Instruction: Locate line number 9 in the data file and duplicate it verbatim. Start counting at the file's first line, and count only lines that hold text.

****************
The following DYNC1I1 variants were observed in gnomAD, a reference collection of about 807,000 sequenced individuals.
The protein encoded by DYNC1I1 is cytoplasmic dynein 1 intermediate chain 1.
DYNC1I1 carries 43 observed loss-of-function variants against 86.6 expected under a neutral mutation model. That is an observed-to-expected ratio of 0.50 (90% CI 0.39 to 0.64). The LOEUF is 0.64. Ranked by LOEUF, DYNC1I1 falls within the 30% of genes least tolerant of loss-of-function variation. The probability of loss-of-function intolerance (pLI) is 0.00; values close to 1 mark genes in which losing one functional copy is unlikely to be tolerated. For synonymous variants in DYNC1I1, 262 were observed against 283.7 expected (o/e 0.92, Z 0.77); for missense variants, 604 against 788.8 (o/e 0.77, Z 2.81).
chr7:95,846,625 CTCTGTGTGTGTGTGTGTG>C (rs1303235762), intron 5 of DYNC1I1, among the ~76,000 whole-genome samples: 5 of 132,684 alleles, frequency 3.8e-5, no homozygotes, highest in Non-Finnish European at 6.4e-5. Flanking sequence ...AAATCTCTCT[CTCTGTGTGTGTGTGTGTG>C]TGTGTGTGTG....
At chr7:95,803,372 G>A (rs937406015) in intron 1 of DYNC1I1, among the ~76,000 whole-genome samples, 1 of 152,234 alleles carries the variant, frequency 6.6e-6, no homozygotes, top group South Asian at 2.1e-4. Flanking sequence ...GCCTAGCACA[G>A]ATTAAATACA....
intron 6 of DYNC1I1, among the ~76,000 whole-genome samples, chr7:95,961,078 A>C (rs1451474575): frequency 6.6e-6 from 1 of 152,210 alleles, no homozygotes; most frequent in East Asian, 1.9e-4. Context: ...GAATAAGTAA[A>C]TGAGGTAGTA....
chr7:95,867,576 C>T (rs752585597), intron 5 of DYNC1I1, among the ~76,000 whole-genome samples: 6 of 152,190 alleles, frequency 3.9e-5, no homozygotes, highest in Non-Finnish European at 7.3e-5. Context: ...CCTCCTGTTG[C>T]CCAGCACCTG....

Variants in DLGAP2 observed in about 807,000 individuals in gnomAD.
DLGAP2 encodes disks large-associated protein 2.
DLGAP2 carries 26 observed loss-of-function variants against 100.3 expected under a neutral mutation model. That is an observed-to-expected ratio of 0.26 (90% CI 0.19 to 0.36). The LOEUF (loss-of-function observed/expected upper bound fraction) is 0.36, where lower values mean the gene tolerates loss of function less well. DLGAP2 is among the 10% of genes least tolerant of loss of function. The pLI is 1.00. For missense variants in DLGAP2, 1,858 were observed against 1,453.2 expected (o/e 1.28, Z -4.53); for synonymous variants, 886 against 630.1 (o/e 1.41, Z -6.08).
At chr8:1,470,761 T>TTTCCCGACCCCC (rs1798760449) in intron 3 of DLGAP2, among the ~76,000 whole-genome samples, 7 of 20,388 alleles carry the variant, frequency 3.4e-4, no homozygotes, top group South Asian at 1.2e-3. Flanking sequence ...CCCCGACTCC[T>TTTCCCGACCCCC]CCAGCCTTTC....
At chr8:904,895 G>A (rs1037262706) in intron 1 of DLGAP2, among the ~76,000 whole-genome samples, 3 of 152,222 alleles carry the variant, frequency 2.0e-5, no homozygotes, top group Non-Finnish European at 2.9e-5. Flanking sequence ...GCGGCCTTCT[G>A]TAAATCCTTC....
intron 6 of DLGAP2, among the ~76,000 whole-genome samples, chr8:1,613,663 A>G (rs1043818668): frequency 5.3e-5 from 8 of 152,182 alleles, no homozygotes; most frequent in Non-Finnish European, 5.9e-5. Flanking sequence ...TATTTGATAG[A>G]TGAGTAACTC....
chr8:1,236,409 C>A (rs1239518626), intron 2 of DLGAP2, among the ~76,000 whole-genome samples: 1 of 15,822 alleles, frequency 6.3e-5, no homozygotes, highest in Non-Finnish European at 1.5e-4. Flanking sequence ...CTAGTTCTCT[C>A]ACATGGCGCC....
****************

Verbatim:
DLGAP2 encodes disks large-associated protein 2.